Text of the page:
por John R. Fischer
, Senior Reporter | September 07, 2021
The FDA has given breakthrough device designation to the EndoSound Vision System, an add-on ultrasound device designed by EndoSound.
The solution is capable of converting into an endoscopic ultrasound that allows endoscopists to perform advanced procedures such as fine needle biopsy with precision. It does not possess the elevator mechanism found on most linear echo-endoscopes, a component that has drummed up concerns among patients for the risk of infection associated with it.
“In addition to reducing risk, the system features a disruptive price point that gives it the potential to dramatically expand the availability of this critical modality in the United States and around the world,” said Dr. Shyam Varadarajulu, medical director of the Digestive Health Institute at Orlando Health, in a statement.
The solution is expected to help providers abide by the July 2020 Safety Communication published by the FDA, advising healthcare providers and manufacturers to use duodenoscopes with disposable components due to the risks associated with the elevator mechanisms. Similarly designed ultrasound endoscopes, however, have been overlooked in this regard, according to EndoSound.
Despite eliminating the elevator mechanism, the solution is designed to still retain precision and imaging needed for complex EUS procedures. It is made up of a compact ultrasound beamformer, reusable transducer and disposable mounting kit that attaches to any flexible upper gastrointestinal (GI) video endoscope to convert it into an endoscopic ultrasound (EUS) system.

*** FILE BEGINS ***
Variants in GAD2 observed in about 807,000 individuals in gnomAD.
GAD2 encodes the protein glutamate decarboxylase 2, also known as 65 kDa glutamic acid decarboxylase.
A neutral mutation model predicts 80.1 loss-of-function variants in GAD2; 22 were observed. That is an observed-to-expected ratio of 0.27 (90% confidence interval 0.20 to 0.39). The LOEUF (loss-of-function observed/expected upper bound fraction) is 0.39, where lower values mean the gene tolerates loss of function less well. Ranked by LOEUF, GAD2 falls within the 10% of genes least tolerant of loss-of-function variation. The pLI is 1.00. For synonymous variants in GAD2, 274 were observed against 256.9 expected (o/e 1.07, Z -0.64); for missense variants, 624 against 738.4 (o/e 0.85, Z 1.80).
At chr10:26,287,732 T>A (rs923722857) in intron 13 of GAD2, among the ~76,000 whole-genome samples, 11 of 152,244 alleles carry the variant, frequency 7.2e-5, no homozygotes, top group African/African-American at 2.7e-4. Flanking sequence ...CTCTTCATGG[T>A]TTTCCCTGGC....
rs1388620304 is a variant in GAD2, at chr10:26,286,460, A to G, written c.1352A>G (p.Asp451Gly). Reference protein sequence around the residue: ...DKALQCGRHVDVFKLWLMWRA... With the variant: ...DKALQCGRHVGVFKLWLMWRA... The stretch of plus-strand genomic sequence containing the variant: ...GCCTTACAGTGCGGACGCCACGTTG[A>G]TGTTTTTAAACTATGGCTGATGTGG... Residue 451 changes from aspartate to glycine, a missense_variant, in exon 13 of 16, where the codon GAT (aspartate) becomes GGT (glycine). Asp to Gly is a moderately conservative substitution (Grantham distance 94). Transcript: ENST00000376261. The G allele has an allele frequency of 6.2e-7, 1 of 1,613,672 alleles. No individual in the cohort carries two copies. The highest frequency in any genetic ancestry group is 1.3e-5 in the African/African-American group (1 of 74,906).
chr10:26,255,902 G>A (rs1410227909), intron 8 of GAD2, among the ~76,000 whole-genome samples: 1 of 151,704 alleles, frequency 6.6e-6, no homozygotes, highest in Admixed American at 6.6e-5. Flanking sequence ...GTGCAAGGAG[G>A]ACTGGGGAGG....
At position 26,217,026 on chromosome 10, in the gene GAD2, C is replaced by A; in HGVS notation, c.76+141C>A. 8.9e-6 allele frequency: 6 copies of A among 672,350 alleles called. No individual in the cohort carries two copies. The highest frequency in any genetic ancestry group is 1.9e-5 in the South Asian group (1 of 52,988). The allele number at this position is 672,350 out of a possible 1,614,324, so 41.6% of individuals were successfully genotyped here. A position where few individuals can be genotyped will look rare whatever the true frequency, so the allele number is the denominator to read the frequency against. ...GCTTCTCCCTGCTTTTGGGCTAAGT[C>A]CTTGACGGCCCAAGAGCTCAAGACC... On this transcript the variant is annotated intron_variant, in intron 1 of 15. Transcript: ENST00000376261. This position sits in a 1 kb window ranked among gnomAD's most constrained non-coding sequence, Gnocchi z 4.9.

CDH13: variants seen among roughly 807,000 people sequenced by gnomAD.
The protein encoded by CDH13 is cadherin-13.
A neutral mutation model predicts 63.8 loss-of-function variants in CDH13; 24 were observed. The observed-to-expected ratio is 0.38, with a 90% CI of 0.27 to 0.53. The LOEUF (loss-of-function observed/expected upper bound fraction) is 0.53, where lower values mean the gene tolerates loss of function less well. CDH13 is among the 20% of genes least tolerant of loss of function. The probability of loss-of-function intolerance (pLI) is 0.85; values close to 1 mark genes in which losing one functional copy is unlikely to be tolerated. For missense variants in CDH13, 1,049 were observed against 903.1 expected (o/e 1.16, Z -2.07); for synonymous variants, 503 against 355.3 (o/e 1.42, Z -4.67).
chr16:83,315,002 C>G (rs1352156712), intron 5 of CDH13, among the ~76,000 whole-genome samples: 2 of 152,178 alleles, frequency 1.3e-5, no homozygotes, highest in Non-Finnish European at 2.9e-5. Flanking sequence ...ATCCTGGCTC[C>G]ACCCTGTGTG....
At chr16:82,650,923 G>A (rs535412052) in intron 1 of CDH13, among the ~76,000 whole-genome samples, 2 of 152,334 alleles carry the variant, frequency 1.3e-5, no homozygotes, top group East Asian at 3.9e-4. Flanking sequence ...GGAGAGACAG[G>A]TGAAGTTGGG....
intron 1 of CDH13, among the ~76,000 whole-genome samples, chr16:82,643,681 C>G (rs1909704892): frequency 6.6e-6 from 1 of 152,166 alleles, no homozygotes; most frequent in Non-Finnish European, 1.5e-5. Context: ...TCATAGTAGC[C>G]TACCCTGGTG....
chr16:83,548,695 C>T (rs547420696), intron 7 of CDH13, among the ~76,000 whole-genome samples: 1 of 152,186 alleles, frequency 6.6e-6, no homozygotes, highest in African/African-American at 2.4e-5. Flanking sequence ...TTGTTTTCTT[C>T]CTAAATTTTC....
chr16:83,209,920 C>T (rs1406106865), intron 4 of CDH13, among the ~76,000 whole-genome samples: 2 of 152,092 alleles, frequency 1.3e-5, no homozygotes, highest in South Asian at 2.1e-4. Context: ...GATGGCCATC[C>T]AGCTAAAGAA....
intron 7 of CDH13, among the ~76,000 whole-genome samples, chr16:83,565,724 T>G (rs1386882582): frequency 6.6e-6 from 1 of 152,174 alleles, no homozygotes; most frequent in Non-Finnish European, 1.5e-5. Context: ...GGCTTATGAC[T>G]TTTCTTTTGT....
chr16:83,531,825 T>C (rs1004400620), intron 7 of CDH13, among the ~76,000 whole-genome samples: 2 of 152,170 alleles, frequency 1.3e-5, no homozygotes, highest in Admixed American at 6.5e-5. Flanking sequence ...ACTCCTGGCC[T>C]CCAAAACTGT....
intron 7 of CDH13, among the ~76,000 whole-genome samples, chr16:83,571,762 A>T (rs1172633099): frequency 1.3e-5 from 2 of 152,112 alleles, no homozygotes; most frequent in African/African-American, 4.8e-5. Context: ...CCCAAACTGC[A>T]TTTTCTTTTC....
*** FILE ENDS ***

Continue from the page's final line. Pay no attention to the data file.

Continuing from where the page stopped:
“There is a clear need for a resolution to the patient safety risk presented by traditional ultrasound endoscopes,” said Dr. Stephen Steinberg, EndoSound founder and president. “Also, for many healthcare facilities, the high cost of conventional systems creates a barrier to entry into the use of endoscopic ultrasound. With Breakthrough Device Designation, we are on an accelerated pathway to eliminating these obstacles.”
Olympus and Hitachi are currently in the process of developing an endoscopic ultrasound system
through a five year agreement signed between the two earlier this year. They aim to do this by creating compatibility among Olympus’ ultrasound gastrointestinal/bronchial videoscopes and Hitachi’s diagnostic ultrasound systems.
Hitachi also teamed up with HOYA Corporation last year to enhance its development and commercialization efforts
for endoscopic ultrasound systems. The partnership, it says, allows for the company to continue supplying diagnostic ultrasound systems and ultrasound sensor-related parts used in EUS, following the acquisition of its diagnostic imaging-related business by FUJIFILM
Under the Breakthrough Device Designation, EndoSound will be able to provide the FDA with feedback during the premarket phase and prioritized review of its device submission.